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</Flexible learning can improve diversity and inclusion in higher education>

Published on 2 December 2020 by Web editor

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This blog has been cross-posted from the Office for Students website – https://www.officeforstudents.org.uk/, see original article here.

The blog is by Dr Rachid Hourizi, Director of the Institute of Coding

The OfS-funded Institute of Coding is finding that flexible, modular, digital skills education can improve diversity in learner cohorts and the tech workforce.

In an age where technology is at the heart of most businesses and is fundamental to the UK’s economic growth, digital skills have become more important than ever. Demand for talent within the digital technology sector has already grown by 150 per cent over the past four years, and this number will continue to increase as we move into a ‘new normal’ where the tech sector is expected to power our post-pandemic economic recovery. But it is important to ask how we can ensure people have the digital skills they need to continue to learn and work from home during the pandemic, and that the coming recovery is inclusive.

Flexible education delivery is more accessible

The Institute of Coding (IoC) is a national initiative – led by the University of Bath and funded by the Office for Students – established to respond to the growing digital skills gap. Since its launch in 2018, IoC partners in education, industry and outreach have worked together to build collaborative links that have transformed the delivery of digital skills education and created course offerings that are more accessible to a broader range of people, wherever they are in their lives or career paths.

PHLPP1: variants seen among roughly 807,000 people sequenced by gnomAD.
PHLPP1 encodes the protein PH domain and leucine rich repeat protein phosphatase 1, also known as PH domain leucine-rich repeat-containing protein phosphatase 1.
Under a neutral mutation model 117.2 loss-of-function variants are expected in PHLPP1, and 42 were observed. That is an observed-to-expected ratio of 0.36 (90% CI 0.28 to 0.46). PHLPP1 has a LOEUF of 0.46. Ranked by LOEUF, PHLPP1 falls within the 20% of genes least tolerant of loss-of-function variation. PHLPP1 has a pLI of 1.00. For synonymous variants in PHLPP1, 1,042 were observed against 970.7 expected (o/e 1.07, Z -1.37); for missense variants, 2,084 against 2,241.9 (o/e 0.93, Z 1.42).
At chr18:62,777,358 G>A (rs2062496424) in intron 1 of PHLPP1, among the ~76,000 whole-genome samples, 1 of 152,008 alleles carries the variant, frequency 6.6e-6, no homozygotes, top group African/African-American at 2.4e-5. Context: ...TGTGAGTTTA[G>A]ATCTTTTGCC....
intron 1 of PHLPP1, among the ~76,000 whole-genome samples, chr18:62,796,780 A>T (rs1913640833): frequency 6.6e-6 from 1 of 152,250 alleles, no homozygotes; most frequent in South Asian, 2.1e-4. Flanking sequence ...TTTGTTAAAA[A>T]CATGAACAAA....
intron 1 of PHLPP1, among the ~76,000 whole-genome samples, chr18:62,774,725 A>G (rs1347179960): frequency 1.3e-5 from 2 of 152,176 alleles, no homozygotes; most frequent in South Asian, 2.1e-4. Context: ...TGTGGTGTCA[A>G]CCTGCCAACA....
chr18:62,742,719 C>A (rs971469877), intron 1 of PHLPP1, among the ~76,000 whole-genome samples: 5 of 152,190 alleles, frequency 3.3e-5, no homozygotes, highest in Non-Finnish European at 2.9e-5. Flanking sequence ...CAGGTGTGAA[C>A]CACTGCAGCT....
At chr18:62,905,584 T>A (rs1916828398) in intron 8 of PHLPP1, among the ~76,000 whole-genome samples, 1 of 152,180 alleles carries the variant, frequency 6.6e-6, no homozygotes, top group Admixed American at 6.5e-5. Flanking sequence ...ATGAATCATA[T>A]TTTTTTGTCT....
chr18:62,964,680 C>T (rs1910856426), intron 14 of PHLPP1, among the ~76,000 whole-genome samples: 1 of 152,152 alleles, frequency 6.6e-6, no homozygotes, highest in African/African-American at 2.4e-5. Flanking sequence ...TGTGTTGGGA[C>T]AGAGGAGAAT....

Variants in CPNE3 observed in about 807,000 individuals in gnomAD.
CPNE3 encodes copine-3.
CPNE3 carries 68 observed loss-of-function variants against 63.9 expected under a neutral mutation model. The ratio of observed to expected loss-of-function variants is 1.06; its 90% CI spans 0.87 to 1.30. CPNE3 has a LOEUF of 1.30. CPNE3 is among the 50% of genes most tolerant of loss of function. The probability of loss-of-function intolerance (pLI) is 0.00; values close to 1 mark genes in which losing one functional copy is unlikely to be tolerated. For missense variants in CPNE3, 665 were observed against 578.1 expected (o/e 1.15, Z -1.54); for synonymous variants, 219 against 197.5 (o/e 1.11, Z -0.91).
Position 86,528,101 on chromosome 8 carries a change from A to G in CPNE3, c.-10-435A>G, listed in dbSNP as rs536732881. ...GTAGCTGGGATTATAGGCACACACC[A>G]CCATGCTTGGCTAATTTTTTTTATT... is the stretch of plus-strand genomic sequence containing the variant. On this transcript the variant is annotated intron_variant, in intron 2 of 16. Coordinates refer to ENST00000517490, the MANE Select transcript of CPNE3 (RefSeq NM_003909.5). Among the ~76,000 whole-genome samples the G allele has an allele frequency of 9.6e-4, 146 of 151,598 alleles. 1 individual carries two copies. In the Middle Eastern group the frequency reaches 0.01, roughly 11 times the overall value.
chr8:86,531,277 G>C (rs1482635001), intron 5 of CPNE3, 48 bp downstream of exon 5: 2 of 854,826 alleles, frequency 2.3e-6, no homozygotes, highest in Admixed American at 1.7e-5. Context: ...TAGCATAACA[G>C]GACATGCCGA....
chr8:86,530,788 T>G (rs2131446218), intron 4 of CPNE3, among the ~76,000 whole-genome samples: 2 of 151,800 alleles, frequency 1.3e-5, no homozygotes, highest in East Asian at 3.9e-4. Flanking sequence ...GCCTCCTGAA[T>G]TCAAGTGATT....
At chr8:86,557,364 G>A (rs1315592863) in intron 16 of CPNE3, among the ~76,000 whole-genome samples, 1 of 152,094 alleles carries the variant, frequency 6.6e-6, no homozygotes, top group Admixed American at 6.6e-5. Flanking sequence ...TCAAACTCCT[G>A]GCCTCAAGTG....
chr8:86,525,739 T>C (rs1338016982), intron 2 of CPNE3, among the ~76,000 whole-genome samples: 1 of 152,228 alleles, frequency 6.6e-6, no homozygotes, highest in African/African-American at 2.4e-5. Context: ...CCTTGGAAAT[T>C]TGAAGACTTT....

Higher education can be a powerful way of creating a more diverse workforce. It is essential to developing well-trained specialists in sought-after areas like cyber security and artificial intelligence which we know are in demand across the whole country. However, existing educational offerings can be inaccessible for some – because of time constraints, household obligations or other reasons that keep people from accessing a full university education. Further, traditional in-person education is not feasible for many at this time due to the pandemic.

To respond to this, IoC partners have developed new short/modular courses and regional initiatives, many of which are free and online, so that more people can find an education pathway to fit their interests and needs.

One example of this flexible delivery is our set of university-level online courses designed by the University of Leeds, the University of the Arts London’s Creative Computing Institute and Lancaster University. These courses are hosted on FutureLearn.

Their Digital Skills for the Workplace and Essential Creative Technologies courses have been built for individuals at various points in their careers who are looking to improve their digital skills and enhance their employability. These courses have a particular focus on digital skills that are essential for the world of work, like creating digital content and collaborative working in a remote team, as well as more technical areas such as introductory AI, coding and UX design.